I distinctly said that was not my intention, but that it might conceivably have that effect, and that as there existed that danger I was not going to press the Minister. I asked him to see if he could not find, before the Report Stage, a satisfactory form of words to obviate one danger without falling into the other.
Is Deputy Law asking leave to withdraw his amendment?
I apologise to the House for my lack of intuition. Deputy Law's dialectics are rather difficult for an ordinary, plain person like myself to understand. Now that the Deputy has made clear his intention to withdraw his amendment, I have no intention of wasting the time of the House.
My view of the question as to how the Bill will be interpreted is, if there was a mere catalogue somewhere in a newspaper of books that are offensive that newspaper should not be condemned simply because of the mere catalogue of books. Otherwise, you would have to condemn your own list of censored books because it contained the names of the censored books. I do not think the mere fact that the names of books appeared, without any idea as to their contents, should be sufficient to condemn any periodical or other book. I think that would be quite wrong. On the other hand, I can understand an advertisement which would be of such and such a book by such and such an eminent writer, and stating "this is the most valuable book ever written on birth-control," and which might go on in that fashion, being an advocacy of birth control. I think as the Bill stands the nature of the advertisement would be the thing to decide whether it would be a question of advocacy or not of birth control.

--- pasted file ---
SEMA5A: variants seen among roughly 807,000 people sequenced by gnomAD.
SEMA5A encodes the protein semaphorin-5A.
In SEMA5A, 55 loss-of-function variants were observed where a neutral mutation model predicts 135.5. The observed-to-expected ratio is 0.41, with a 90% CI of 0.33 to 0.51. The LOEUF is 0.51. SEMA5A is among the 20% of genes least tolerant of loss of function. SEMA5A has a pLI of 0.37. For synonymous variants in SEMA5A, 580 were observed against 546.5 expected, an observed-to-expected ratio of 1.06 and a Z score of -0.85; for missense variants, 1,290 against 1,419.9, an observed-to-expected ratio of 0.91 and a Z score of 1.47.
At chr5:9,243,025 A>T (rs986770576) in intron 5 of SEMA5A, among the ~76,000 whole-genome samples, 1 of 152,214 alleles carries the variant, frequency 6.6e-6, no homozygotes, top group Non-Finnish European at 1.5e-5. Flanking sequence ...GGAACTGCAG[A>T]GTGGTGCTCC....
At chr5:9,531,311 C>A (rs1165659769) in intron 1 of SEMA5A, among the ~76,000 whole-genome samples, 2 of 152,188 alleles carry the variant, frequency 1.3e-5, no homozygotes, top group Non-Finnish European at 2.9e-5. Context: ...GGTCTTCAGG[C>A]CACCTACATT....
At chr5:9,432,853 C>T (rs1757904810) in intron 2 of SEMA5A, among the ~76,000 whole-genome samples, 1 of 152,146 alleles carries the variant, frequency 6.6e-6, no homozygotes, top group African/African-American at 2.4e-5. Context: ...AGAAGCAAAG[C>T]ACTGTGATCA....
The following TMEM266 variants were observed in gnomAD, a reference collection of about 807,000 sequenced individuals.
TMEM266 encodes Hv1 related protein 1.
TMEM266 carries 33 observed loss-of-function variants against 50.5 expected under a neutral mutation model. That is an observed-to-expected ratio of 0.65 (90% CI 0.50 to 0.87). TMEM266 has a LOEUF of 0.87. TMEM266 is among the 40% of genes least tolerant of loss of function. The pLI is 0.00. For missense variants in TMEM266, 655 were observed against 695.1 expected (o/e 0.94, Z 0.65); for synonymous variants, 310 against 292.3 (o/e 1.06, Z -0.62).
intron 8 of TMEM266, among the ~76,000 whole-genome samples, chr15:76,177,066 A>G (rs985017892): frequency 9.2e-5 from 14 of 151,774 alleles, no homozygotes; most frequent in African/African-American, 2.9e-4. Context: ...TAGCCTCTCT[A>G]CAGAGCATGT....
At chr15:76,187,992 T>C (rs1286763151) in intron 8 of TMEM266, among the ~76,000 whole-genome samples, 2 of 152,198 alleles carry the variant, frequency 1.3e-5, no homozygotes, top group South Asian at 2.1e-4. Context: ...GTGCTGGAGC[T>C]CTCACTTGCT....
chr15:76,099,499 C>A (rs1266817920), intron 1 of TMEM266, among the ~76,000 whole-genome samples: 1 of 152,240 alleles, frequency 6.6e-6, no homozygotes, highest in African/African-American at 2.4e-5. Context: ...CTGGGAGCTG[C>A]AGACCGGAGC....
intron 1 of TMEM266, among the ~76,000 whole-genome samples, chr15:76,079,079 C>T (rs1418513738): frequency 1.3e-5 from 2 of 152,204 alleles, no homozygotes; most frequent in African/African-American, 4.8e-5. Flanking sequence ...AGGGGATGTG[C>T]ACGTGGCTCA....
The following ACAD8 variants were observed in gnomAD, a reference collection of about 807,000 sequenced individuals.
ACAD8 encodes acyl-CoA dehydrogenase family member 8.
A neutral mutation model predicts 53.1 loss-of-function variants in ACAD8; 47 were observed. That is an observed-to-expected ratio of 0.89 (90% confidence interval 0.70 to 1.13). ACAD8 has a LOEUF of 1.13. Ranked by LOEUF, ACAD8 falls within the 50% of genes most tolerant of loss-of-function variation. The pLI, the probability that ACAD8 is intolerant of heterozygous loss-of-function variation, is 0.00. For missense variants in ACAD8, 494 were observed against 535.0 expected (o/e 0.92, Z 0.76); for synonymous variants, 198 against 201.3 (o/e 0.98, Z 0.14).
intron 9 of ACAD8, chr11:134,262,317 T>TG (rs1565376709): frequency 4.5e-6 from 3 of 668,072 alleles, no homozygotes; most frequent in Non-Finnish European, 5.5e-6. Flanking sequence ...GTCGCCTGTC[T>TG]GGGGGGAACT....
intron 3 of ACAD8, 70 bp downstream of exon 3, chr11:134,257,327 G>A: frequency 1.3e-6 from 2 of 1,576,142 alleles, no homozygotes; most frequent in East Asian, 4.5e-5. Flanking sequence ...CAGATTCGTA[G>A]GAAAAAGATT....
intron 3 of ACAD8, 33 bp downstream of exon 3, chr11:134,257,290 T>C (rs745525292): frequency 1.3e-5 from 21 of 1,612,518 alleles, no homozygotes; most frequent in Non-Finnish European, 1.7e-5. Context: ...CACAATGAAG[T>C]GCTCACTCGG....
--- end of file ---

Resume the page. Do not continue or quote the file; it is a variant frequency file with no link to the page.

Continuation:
Amendment, by leave, withdrawn.
To add at the end of sub-section (2), page 8, the proviso:
"Provided always that no prosecution for an offence against this section of this Act shall take place unless the book or periodical publication in question shall have been referred to the Board for report and that the Board shall have reported that its indiscriminate circulation should be prohibited."
I think we have been discussing this amendment for some considerable time. The amendment carries out what we have already done in a previous section, and the only extra point it brings in is that the Board shall investigate and report that indiscriminate circulation should be prohibited.